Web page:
What to Know
- A relative of the veteran said she reported the man missing when he didn't return from an appointment at the medical center May 15.
- The veteran’s sister said she searched the parking lot herself after the VA medical center failed multiple requests to find the man.
- The U.S. House Committee on Veterans Affairs, which oversees the agency and its D.C. medical center, said it is also investigating.
The Metropolitan Police Department, the D.C. medical examiner and top officials with the Washington DC VA Medical Center are investigating the discovery of the body of a military veteran in a car outside the medical center in May.
The News4 I-Team learned the agency is being questioned for a delay in finding the man’s body, despite multiple requests from his family to look for him.
A relative of the veteran said she reported the man missing when he didn't return from an appointment at the medical center May 15. She said the man’s body wasn’t found until the early morning hours of May 17 and was only discovered by the man’s sister. The veteran’s sister said she searched the parking lot herself after the VA medical center failed to find him, after multiple requests.
A police report obtained by the I-Team said the veteran was found “slumped over” and unconscious in a vehicle at the medical center’s parking lot. The large DC VA Medical Center, which sits along Irving Street near North Capitol Street in Northwest, has a large, open-air parking lot near its main entrance.
“We’re investigating the time lag,” acting medical center Director Larry Connell said.
The medical examiner is still determining the cause of death, Connell said.
“I met with the veteran’s sister that evening and expressed our condolences," Connell said.
The U.S. House Committee on Veterans Affairs, which oversees the agency and its D.C. medical center, said it is also investigating the incident.
“First and foremost, my thoughts and prayers go out to this family," committee Chairman Dr. Phil Roe (R-Tenn.) said. "I am absolutely outraged that a veteran who served our nation died alone, in his car, outside the DC VA Medical Center. This is unacceptable and cannot be tolerated, and it’s certainly no way to treat the men and women who have served.”
The committee asked the inspector general to investigate this incident.
“Our hearts are with the family members of this veteran," ranking member of the House Committee on Veterans Affairs Rep. Tim Walz (D-Minn.) said in a statement. "We are saddened by the manner in which he passed away and we are sickened to know that, despite being contacted by family members, the Washington, D.C. VA did not do enough to locate this veteran and inform his family.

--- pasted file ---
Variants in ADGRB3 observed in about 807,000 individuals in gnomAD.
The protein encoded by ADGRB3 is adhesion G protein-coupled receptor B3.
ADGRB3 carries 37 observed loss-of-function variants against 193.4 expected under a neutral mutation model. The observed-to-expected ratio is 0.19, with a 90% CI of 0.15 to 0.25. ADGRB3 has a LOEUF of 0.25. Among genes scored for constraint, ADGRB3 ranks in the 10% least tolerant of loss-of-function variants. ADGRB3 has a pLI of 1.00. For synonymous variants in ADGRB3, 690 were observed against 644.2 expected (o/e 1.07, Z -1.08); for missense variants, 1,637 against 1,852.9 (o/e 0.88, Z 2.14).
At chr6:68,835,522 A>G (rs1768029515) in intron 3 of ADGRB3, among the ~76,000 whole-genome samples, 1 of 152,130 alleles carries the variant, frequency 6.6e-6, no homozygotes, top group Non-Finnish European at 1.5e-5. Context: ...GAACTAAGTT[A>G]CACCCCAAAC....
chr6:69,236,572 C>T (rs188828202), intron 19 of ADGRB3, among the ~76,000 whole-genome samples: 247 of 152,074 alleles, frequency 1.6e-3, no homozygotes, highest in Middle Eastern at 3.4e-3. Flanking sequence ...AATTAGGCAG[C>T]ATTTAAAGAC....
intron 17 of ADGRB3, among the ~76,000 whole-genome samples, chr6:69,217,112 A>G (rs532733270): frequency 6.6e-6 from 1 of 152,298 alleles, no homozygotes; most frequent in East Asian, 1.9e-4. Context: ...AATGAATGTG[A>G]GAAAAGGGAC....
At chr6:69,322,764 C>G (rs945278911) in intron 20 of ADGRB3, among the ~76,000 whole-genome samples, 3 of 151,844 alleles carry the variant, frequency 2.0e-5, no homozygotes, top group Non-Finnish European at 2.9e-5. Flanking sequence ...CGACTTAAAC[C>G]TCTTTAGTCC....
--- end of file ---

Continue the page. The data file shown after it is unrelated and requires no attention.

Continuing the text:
"We have requested the VA Office of Inspector General investigate this matter and our vigilant oversight of this facility and all facilities will continue to ensure all veterans are treated with the dignity they have earned and deserve.”
The medical center was already under scrutiny because of a scathing report released by internal investigators with the U.S. Department of Veterans Affairs Office of Inspector General. The report said federal inspectors found the medical center suffered shortages of key supplies, some of which forced procedures to be delayed and required medical staff to borrow supplies, including bloodlines and surgical pieces, to treat patients.
The inspector general report also accused the medical center of allowing dirty conditions inside 18 sterile storage areas. The report said internal investigators found expired medical equipment on site, including some used during a June 2016 patient procedure.
“(Investigators) identified a number of serious and troubling deficiencies at the Medical Center that place patients at unnecessary risk,” the report said.
Hours after the release of the report, the agency announced it would reassign longtime medical center Director Bryan Hawkins. The agency announced Connell would serve as acting director.
Connell told the I-Team a large share of the problems have already been addressed.
“I'll admit, when I first got here, this facility was not up to my standards,” Connell said.
“We’re not 100 percent yet, but we are way better today with logistics and medical supplies for this facility,” he said.
In a formal statement, the agency said, “Processes are now in place to ensure that providers have the appropriate supplies they need to treat our patients safely and effectively. All equipment and supplies that were subject to recall in the past 12 months have been removed from stock. This was completed approximately two weeks ago. The facility is now in normal maintenance mode to scan for equipment subject to recall.”
The inspector general review of the medical center complex is not yet complete. The report released in April was an “interim” report, alerting officials about preliminary findings in a longer review. Further reports from the inspector general are expected.